However, Unctad is quick to note that counterbalancing such possible negative impacts is the potentially positive effect on consumers of final services and on producers using intermediate services in terms of better service provision and spillover effects.

FDI in services affects the provision of services in host economies in terms of supply, cost, quality and variety.

The financial strength of transnational corporations (TNCs), together with their ability to implement and manage complex systems, enables them to expand supply capacities rapidly in complex, capital-intensive services such as telecommunications and transportation.

Unctad thus cautions rightly that in the absence of appropriate government policies and regulations, TNCs' involvement in utilities and other basic services might lead to a spurt in prices, an inequitable distribution of services and limited access for the poorest segments of society.

Unctad recalls that even countries that have liberalised most of their service industries typically retain entry restrictions in specific services, such as media and aviation. The nature of restrictions and purpose for which these are put in place vary from industry to industry.

Even as services FDI can bring economic benefits, policy-makers need to strike a balance between possible efficiency gains and broader development objectives.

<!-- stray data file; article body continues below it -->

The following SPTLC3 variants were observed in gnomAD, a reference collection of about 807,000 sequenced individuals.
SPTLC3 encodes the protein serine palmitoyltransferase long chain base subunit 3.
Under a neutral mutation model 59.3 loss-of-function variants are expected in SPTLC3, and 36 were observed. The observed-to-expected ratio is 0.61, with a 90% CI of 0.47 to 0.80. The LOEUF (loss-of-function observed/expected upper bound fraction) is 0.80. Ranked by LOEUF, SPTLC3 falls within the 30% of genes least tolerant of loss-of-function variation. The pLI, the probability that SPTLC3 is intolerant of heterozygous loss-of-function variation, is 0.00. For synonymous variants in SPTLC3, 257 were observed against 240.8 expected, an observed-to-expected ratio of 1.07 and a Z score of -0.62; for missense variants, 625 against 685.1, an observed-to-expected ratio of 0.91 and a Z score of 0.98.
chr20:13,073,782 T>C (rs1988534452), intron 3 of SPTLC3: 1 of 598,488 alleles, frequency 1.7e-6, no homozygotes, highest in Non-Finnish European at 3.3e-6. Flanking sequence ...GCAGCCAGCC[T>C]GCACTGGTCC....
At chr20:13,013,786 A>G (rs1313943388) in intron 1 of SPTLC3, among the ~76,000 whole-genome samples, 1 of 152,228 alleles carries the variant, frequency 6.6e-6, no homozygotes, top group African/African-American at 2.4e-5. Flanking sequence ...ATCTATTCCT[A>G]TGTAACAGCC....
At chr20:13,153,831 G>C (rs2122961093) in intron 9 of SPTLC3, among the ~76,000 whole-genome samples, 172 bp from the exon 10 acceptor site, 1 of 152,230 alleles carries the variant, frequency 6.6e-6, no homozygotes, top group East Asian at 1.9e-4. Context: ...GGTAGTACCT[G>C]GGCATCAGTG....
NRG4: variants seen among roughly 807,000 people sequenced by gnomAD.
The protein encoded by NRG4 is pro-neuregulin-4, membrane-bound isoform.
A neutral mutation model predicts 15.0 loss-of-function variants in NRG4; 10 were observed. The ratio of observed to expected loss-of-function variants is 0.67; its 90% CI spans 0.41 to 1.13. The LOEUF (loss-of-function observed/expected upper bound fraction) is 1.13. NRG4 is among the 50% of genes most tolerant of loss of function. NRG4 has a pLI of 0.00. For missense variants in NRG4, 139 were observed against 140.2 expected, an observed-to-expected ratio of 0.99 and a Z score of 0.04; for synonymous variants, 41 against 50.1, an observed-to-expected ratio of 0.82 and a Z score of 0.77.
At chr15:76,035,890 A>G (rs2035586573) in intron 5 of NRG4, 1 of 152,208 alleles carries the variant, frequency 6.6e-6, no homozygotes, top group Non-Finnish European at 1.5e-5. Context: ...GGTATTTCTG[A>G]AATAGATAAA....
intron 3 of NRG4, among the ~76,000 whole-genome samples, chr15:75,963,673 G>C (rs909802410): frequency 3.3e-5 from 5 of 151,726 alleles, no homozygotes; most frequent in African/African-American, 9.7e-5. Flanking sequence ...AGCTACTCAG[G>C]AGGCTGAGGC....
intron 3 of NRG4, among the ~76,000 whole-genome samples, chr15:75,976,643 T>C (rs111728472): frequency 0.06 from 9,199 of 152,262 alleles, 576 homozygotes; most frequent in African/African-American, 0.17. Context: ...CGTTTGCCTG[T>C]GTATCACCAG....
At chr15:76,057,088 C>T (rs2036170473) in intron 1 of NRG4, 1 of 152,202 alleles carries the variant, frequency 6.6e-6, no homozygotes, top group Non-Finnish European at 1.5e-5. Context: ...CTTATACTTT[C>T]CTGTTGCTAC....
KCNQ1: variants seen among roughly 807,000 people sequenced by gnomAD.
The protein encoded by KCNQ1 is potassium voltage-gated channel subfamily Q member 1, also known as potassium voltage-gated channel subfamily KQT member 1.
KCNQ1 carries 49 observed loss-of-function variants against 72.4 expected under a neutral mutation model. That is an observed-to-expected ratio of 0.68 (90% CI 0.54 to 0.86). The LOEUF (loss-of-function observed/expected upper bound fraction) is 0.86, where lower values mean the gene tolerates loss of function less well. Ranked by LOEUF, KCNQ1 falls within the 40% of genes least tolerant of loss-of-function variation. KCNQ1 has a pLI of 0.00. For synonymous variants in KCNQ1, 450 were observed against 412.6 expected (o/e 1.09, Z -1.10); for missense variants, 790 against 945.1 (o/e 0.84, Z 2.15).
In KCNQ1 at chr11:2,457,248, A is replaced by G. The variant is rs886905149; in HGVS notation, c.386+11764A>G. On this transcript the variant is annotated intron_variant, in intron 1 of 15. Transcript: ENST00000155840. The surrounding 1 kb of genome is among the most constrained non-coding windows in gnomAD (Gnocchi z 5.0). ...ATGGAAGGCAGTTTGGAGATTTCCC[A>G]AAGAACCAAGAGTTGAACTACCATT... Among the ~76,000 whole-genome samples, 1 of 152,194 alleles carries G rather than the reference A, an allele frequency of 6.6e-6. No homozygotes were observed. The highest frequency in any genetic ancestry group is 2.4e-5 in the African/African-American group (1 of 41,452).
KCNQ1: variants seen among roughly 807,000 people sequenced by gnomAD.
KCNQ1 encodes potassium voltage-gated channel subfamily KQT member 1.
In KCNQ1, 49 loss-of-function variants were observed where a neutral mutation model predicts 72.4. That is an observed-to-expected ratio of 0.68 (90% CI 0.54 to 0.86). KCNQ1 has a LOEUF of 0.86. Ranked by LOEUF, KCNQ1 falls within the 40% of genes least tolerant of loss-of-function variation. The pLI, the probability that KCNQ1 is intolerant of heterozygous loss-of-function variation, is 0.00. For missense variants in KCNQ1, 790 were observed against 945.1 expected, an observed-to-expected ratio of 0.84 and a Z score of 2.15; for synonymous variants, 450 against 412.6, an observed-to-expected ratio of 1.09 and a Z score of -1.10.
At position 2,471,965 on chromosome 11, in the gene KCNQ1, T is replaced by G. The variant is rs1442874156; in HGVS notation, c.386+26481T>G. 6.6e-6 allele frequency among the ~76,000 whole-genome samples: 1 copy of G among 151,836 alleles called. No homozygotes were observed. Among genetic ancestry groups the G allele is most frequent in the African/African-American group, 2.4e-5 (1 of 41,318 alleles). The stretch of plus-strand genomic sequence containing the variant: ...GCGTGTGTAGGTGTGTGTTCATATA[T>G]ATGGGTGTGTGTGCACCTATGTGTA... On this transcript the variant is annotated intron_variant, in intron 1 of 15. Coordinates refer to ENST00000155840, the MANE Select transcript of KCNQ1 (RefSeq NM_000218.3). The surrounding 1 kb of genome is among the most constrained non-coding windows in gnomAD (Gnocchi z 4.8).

Again, concerns abound over the impact of services FDI on competition and the possible crowding out of domestic firms. But this depends considerably on initial conditions in a host country, especially the level of economic activity and service-industry development, and the market structure of service industries.

The fact remains that FDI can spur local service providers to become more competitive through demonstration and skills diffusions, thus helping them improve efficiency, the WIR says, adding that one of the biggest contributions of FDI in services to development is in the transfer of technology. Services TNCs can bring both hard technology (plant, equipment, industrial processes) and soft technology (knowledge, information, expertise, skills in organisation, management and marketing).

Unctad is of the view that FDI in intermediate services could directly and indirectly improve the efficiency of industrial products. Such services range from banking, insurance and business services to transport, electricity and telecommunications.

International hotel chains play a key role in promoting competitiveness in tourism by helping attract a critical mass of international tourists. Tourism is an important foreign exchange earner for developing countries through both equity and non-equity involvement.

Drawing differences in services and manufacturing though the fragmentation and globalisation processes are akin to both. The Unctad report says that while the services sector is much larger than the manufacturing sector, only some 10 per cent of its output enters international trade, compared with over 50 per cent for manufacturing.

Second, the pace of globalisation of services affected by the tradability revolution is faster than in manufacturing.